In addition to looking out for giant green invaders, Baird and other researchers look out for other harmful species: phytoplankton that cause Harmful Algal Blooms (HAB). There have been more HAB in recent years due to the rise in temperature, so it is an area of increasing concern at KBNERR. “Three big ones we look for are Alexandrium, Pseudo-nitzschia and Chaetoceros. Alexandrium can produce a toxin that causes Paralytic Shellfish Poisoning (PSP), which doesn’t affect the shellfish but can cause sickness or paralysis in humans. Pseudo-nitzschia may or may not produce a neurotoxin, and we haven’t yet figured out how to predict whether it will make the toxin or not. The Chaetoceros is not harmful to people, but it can decimate fish. It can clog baby salmon’s gills,” Baird says. Phytoplankton are continuously sampled for in the bay at KBNERR during the ice-free season using three-minute tows of eight or nine-inch cone-shaped nets. Samples are examined under a microscope to identify phytoplankton. Samples are either used fresh or preserved with iodine. Caged shellfish and mussels are also examined for toxins produced by phytoplankton.

Like the other NERRS, KBNERR performs SWMP monitoring of selected waterways. “We just switched over to all YSI EXO2 data sondes,” says Baird. “Before that, we were using the YSI 6600 sondes,” Baird notes. The sondes are used to gather data on dissolved oxygen, temperature, conductivity, pH, and turbidity.  SWMP also requires testing for nutrients like nitrogen, phosphorus and ammonium.

A weather station also monitors air temperature, wind speed and photosynthetic active radiation as part of SWMP protocol.

Other environmental monitoring being done includes aerial monitoring of significant bluff erosion in Kachemak Bay, monitoring of receding glaciers and GIS aerial monitoring.


Rosie Robinson and Jim Schloemer clean an EXO2 sonde after retrieval. (Credit: Dana Nelson)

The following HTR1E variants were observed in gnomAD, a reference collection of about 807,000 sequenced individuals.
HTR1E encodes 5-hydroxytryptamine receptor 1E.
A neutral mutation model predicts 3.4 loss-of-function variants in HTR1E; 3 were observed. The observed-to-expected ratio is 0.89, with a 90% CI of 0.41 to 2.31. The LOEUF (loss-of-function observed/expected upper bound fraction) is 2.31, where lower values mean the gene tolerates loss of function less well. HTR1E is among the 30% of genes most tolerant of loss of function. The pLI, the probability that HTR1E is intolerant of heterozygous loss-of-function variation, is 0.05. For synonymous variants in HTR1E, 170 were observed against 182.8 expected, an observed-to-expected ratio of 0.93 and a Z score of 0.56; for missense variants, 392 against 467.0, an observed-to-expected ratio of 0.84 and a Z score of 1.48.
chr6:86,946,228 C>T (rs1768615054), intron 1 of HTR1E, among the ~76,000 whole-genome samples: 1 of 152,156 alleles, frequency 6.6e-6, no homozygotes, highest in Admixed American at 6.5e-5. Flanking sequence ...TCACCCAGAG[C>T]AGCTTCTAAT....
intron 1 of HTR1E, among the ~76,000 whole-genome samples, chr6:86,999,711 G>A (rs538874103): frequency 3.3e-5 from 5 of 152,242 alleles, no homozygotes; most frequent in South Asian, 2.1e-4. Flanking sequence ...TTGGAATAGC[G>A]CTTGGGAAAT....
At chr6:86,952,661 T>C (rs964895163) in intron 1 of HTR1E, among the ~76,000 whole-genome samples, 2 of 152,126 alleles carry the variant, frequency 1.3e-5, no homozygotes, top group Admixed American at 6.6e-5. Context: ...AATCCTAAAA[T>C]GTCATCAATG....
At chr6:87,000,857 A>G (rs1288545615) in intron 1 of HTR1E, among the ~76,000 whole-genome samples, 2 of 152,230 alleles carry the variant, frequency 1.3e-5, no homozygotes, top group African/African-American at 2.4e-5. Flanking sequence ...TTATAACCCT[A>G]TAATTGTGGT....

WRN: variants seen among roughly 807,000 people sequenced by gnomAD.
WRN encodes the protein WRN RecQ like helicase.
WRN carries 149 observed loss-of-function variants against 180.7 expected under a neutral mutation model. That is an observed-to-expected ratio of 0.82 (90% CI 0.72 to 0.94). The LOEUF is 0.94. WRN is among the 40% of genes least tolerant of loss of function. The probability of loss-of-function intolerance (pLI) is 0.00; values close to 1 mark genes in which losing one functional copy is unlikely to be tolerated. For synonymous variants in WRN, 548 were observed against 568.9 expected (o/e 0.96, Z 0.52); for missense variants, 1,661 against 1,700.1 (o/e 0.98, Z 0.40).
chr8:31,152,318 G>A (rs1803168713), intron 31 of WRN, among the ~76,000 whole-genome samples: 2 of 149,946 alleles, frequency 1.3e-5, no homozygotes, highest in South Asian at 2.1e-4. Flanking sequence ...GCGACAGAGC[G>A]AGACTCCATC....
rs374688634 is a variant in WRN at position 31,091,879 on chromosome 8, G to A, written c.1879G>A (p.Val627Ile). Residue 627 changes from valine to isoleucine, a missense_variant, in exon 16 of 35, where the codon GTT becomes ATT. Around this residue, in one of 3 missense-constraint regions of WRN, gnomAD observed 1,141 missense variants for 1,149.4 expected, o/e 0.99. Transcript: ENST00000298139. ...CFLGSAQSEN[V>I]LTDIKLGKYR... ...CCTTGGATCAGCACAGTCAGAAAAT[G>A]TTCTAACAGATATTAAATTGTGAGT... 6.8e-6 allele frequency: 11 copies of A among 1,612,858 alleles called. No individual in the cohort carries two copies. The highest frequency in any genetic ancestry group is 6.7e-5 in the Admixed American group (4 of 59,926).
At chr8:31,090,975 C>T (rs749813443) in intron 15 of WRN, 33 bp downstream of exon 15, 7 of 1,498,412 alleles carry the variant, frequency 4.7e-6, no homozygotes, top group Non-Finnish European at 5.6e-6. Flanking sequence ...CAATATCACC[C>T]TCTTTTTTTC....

Unique monitoring not performed by other NERRS includes the long-term tracking of the circulation of Alaskan ocean currents. “It’s a very important process because ocean current circulation is what brings larvae of many important species into the Bay,” Baird explains. “We’ve been tracking these for ten years. We use drifters that send their locations to a satellite once an hour. It’s sometimes surprising where they end up. We had one drifter that went from Kachemak Bay to the Russian coast!”

In addition to Baird, they are nine other staff at KBNERR. There is also a significant amount of community monitoring, typically about 20 to 30 volunteers. Ranging from elementary school children to retirees, citizen scientist volunteers help monitor for Green Crabs, monitor water temperatures and gather plankton data. “We use HOBO Tidbit data loggers for gathering water temperature data,” Baird adds.

Despite a warming climate and occasional environmental challenges such as a terrible spruce bark beetle outbreak and a large seabird die-off that occurred when water temperatures became unusually high, Baird remains optimistic about the future of Kachemak Bay NERR.

“The mountains are spectacularly beautiful here,” he says. “I love the wildlife and the open space. People are really connected to the land here, and they are dedicated to preserving it. They are still out there in the wild harvesting moose, salmon, and halibut like they have for hundreds of years. I’ve been privileged to work with the people here and to have such a dedicated community surrounding me.”

KBNERR is partnered with the Alaska Center for Conservation Science at the University of Alaska Anchorage.

Top image: Research technician Rose Robinson and Jim Schloemer collect water samples to go with the sonde data at the Homer monitoring site. (Credit: Alice Rademacher)